- Cavity tie issues = structural movement and cracked stepping?
Just had valuation back from the lender re property purchase. It says they require a cavity wall tie report in order to proceed. Also states there is structural movement to the rear elevation in the form of stepped cracking but isn’t long standing nor progressive. My question: is the latter caused by the former or something more severe, eg foundations etc?
Quote and essential repairs only necessary re the cavity ties.
Have been calling builders folk this morning but nobody picking up so far.
CheersPosted 4 years ago
Property is a 3 bed semi built in the 40s. Didn’t see the cracks when we did the viewings so can only go by report.
Have spoken to a few builders and cavity wall tie specialists (FMB, BWTA or WTIF accredited) Sat and this morning. The consensus is that valuers these days are very cautious. Fair enough, no problem with that. A couple of guys reckon of £3000+ to do the whole house – which a couple of others have slated as being twice what it should be.
Looks like I’m going to have to foot the bill for the callout+report and stipulate that I want to be there when the investigation is done.
If the ties do need replacing then I guess we’re entitled to ask the vendors to knock the cost off the agreed price? Also, they had the cavities filled a couple of years ago so maybe this would have been picked up then if it was an issue. Then again, probably not.Posted 4 years agodannybgoodeSubscriber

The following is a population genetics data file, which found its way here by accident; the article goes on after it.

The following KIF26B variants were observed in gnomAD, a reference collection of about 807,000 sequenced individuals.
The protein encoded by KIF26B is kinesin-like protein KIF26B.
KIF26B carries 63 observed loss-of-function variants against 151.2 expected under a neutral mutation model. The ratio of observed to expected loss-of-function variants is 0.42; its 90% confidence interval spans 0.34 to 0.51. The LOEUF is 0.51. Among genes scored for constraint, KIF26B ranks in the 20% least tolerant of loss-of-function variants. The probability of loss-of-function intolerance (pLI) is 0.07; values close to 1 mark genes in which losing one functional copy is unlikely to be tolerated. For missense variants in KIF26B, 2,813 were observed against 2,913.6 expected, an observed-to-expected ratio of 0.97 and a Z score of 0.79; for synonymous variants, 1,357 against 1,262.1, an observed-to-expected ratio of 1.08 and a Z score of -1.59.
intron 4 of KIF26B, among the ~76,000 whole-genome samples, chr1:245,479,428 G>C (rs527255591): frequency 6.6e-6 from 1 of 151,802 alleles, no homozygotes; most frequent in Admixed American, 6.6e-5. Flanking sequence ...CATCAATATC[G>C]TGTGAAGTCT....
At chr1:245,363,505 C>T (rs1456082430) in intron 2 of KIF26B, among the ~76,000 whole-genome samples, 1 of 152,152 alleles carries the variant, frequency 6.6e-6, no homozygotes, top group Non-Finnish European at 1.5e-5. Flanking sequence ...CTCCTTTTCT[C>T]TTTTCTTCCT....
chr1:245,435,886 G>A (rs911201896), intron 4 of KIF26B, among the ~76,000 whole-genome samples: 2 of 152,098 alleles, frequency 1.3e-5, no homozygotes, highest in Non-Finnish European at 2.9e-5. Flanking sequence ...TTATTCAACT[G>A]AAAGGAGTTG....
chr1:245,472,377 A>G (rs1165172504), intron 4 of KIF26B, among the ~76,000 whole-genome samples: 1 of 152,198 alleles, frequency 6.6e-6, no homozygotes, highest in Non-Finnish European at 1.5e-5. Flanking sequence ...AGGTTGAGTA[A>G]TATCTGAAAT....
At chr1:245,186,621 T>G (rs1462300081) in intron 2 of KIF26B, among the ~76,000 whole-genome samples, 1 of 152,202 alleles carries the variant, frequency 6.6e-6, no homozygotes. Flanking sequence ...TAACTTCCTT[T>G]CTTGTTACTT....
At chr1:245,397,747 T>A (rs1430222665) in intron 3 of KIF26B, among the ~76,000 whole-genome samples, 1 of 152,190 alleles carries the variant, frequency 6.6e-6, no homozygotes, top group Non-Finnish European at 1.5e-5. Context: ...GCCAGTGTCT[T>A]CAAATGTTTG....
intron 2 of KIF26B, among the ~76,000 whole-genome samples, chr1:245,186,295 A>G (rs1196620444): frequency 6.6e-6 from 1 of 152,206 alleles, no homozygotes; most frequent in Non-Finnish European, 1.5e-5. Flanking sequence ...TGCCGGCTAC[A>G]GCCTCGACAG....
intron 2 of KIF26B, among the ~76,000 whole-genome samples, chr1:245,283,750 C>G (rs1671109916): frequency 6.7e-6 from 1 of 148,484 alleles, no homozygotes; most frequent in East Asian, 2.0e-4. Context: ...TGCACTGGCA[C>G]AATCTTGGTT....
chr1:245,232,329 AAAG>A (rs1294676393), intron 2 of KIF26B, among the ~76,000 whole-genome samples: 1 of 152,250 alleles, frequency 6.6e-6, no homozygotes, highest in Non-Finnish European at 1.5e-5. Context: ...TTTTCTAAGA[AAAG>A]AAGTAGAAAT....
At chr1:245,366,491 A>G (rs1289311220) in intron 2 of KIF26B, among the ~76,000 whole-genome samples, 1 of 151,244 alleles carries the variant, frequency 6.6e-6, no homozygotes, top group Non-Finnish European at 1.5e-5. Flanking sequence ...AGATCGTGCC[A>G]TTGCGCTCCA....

I’d get a full structural survey done and not just have a cavity tie specialist to look at it as there may be other issues with the property that they would not necessarily pick up on.
Get the whole house properly looked at top to bottom. The lenders valuation won’t show much – they usually spend about 10 minutes at a property.
Also, be prepared to walk away if the structural survey throws up too many issues and be mindful of issues you may face getting the building insured with any kind of sensible cover for structural / subsidence related claims.
Danny BPosted 4 years ago
How old is the building?
What type of construction ie stone , brick etc
Is the cracking at high or low level
Not sure. Even the lender doesn’t have a record of where exactly.
What we taking “gap” wise? Is the rear a separate extension? As regards cavity ties and information as to what they’re suggesting? Not enough, non at all?
Don’t know until I see it as there are no notes.
There’s an early 90s extension around the side and part of the back. Don’t know if this is where the crack is though.
We’re getting a full building survey done anyway – that was always the plan. This will most likely take place after the cavity bloke has been onsite (I’ve asked to be there too).Posted 4 years agochilled76Member
You’re likely to find when you get further down the line the mortgage lenders insurance will be refused and you will have to go elsewhere and declare the refused insurance… absolute nightmare to deal with.
Your full offer should come through now the report is done and if in the special clauses there is anything about insurance refusal then I would walk away and save yourself a nightmare.
Went through similar and lost 6 months to it before we had to pull out.
Good luck with it fella.Posted 4 years ago
A few builders have said cracking is often found near windows due to stress – and isn’t a problem. Report also says it’s not longstanding nor progressive, so one would imagine they don’t see it as a big deal.
Market valuation in present condition is the same as the figure when any recommended work has been done. Hopefully another pointer that they’re just being cautious.
TaPosted 4 years ago
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